• Privacy by Design: This aspect of secure by design focuses on protecting user data, ensuring that privacy controls are embedded within the architecture of the AI system.

  • Regular Security Reviews: As the design evolves, it’s vital to continuously review and update the security measures to adapt to new threats or changes in the system’s architecture.

2. Secure by Default

As integral as secure by design is, it must be complemented by the principle of 'secure by default'. While secure by design ensures that the system architecture and design are inherently secure, secure by default means that when the system is deployed, its default configurations are the most restrictive and secure settings possible. This approach reduces the risk that comes from misconfigurations or insecure deployments.

Benefits of Secure by Default

  • Minimized Human Error: By providing secure settings out of the box, the chance of configuration errors leading to vulnerabilities is greatly reduced.

  • Enhanced Usability and Security: Users are more likely to operate the system securely when the default settings support robust security practices.

  • Baseline Security Standard: Ensures all implementations of the system meet a minimum standard of security, regardless of user modifications or the specific environment in which it is deployed.

By adopting both 'secure by design' and 'secure by default' principles, organizations can significantly strengthen the security posture of their AI systems throughout their lifecycle. This dual approach ensures that AI systems are not only designed with security in mind but are also deployed in a state that prioritizes security, thereby safeguarding against both foreseeable and unforeseen threats.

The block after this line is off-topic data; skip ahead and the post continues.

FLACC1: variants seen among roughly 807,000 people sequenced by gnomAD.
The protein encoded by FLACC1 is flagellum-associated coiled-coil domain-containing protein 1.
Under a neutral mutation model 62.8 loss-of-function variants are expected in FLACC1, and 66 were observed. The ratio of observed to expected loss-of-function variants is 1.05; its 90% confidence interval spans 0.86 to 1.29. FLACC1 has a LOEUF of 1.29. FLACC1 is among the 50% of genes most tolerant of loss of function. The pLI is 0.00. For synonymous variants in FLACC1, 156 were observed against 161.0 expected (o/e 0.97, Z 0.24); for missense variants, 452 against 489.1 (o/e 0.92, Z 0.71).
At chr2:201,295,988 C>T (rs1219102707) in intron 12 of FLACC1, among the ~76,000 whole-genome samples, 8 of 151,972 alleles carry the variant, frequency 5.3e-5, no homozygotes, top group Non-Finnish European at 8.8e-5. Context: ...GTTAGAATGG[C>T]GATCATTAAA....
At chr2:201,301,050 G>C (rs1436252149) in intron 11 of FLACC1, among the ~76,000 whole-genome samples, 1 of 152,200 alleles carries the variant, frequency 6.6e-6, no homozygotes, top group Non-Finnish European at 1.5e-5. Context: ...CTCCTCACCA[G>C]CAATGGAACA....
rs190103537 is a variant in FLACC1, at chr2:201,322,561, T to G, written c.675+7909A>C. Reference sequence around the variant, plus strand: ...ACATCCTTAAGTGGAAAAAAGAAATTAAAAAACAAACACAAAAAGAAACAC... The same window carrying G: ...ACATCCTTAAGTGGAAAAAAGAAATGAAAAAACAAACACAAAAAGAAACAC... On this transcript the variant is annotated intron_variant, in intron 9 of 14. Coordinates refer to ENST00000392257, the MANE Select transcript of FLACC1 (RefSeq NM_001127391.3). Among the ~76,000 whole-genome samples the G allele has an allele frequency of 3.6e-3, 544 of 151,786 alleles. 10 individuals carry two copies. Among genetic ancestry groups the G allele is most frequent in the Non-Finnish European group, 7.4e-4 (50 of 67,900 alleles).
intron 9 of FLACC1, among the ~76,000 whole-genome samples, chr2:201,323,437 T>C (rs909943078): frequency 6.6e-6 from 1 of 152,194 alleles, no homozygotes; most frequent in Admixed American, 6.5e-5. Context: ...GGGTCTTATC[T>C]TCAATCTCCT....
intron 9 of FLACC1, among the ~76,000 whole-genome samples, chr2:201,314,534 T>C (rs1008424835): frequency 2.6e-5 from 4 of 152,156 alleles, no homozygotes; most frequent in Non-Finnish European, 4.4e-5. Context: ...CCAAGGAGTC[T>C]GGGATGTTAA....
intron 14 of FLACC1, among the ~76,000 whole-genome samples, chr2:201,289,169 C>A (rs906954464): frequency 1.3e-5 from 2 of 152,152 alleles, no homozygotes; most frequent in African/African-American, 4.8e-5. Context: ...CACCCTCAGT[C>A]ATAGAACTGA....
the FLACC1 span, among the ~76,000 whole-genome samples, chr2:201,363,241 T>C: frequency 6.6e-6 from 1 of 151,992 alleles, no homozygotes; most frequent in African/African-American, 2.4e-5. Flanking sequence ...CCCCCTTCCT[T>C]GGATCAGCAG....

4. Detailed Guidelines for Each Development Stage

Implementing security in AI systems requires a comprehensive approach that spans the entire development lifecycle. Each stage comes with its unique challenges and requirements, demanding specific strategies to ensure robust protection. Here's how to address security at each phase:

1. Secure Design:

Balancing Functionality and Security

  • Risk Assessment: Early in the design phase, conduct thorough risk assessments to identify potential security risks associated with the AI system. This involves determining what could go wrong, the likelihood of such events, and their potential impact.

  • Threat Modeling: Develop detailed threat models that map out all possible threats to the AI system, including those from internal and external sources. This process helps in designing a system architecture that can defend against these threats effectively.

  • Security Trade-offs: Balance functionality and security by making informed decisions that do not compromise one for the other. This might mean choosing more robust data protection measures even if they could potentially reduce system performance.

2. Secure Development:

Enhancing Security through Supply Chain and Asset Management:

  • Supply Chain Security: Ensure that every component of the AI system, whether software, hardware, or services, comes from trusted and verified sources. Implement measures to continuously monitor and assess the security posture of these third-party providers.

  • Asset Management: Maintain a comprehensive inventory of all assets associated with the AI system, including data, hardware, and software components. Implement strict access controls and track all usage and changes to these assets to prevent unauthorized access and modifications.

3. Secure Deployment:

Protecting Infrastructure and Ensuring Continuous Monitoring:

  • Infrastructure Security: Deploy AI systems on secure infrastructure with strong perimeter defenses, including firewalls, intrusion detection systems, and anti-malware solutions. Ensure that the infrastructure complies with the latest security standards and practices.